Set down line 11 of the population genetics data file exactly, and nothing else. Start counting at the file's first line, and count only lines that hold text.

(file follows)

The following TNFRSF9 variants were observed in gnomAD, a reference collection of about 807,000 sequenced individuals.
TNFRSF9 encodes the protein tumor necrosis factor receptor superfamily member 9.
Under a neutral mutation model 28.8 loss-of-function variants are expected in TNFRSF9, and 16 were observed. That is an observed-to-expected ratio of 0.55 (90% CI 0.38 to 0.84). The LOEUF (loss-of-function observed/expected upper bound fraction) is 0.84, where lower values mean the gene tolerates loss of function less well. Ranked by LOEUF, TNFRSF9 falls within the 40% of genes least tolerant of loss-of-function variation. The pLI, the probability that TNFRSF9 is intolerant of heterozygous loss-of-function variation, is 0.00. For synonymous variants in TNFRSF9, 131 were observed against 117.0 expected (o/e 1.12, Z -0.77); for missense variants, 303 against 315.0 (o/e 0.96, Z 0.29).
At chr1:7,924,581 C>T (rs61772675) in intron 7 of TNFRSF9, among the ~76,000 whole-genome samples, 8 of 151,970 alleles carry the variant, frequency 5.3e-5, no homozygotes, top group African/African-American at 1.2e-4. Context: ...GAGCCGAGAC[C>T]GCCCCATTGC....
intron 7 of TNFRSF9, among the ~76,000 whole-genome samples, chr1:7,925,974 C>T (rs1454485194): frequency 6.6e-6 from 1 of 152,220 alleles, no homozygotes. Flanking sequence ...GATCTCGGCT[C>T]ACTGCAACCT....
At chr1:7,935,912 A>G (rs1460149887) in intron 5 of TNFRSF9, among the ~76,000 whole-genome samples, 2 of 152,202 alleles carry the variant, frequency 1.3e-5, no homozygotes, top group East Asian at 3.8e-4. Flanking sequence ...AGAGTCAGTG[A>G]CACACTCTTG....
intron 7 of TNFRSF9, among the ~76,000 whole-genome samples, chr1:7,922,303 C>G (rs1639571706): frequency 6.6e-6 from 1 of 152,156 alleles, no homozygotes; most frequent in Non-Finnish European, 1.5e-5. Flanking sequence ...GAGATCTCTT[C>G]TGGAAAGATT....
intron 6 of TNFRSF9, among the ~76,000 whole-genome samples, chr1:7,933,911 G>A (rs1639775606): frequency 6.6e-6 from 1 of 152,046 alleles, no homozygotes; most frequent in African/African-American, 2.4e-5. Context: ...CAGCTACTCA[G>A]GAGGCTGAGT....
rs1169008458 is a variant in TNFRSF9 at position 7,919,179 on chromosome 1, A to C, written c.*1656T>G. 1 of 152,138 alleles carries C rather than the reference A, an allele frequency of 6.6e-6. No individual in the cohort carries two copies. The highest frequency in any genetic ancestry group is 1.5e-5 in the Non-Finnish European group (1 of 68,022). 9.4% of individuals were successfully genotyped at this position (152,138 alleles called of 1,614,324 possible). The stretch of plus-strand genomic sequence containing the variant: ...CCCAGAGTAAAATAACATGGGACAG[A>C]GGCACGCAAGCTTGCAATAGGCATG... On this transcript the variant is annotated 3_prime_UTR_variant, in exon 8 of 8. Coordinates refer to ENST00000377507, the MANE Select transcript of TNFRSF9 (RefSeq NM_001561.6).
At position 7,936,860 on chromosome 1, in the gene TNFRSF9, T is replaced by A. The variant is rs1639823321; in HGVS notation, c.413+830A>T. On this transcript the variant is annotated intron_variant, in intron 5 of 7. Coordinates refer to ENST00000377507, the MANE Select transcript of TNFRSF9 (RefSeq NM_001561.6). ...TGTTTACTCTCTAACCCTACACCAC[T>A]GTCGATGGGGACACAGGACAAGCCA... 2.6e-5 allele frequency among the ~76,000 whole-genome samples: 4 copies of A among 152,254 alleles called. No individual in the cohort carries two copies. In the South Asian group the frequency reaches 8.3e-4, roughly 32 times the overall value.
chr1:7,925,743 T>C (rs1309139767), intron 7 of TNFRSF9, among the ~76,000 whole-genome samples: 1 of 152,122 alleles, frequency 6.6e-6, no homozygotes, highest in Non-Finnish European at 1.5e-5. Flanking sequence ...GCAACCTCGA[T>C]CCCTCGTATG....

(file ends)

chr1:7,925,743 T>C (rs1309139767), intron 7 of TNFRSF9, among the ~76,000 whole-genome samples: 1 of 152,122 alleles, frequency 6.6e-6, no homozygotes, highest in Non-Finnish European at 1.5e-5. Flanking sequence ...GCAACCTCGA[T>C]CCCTCGTATG....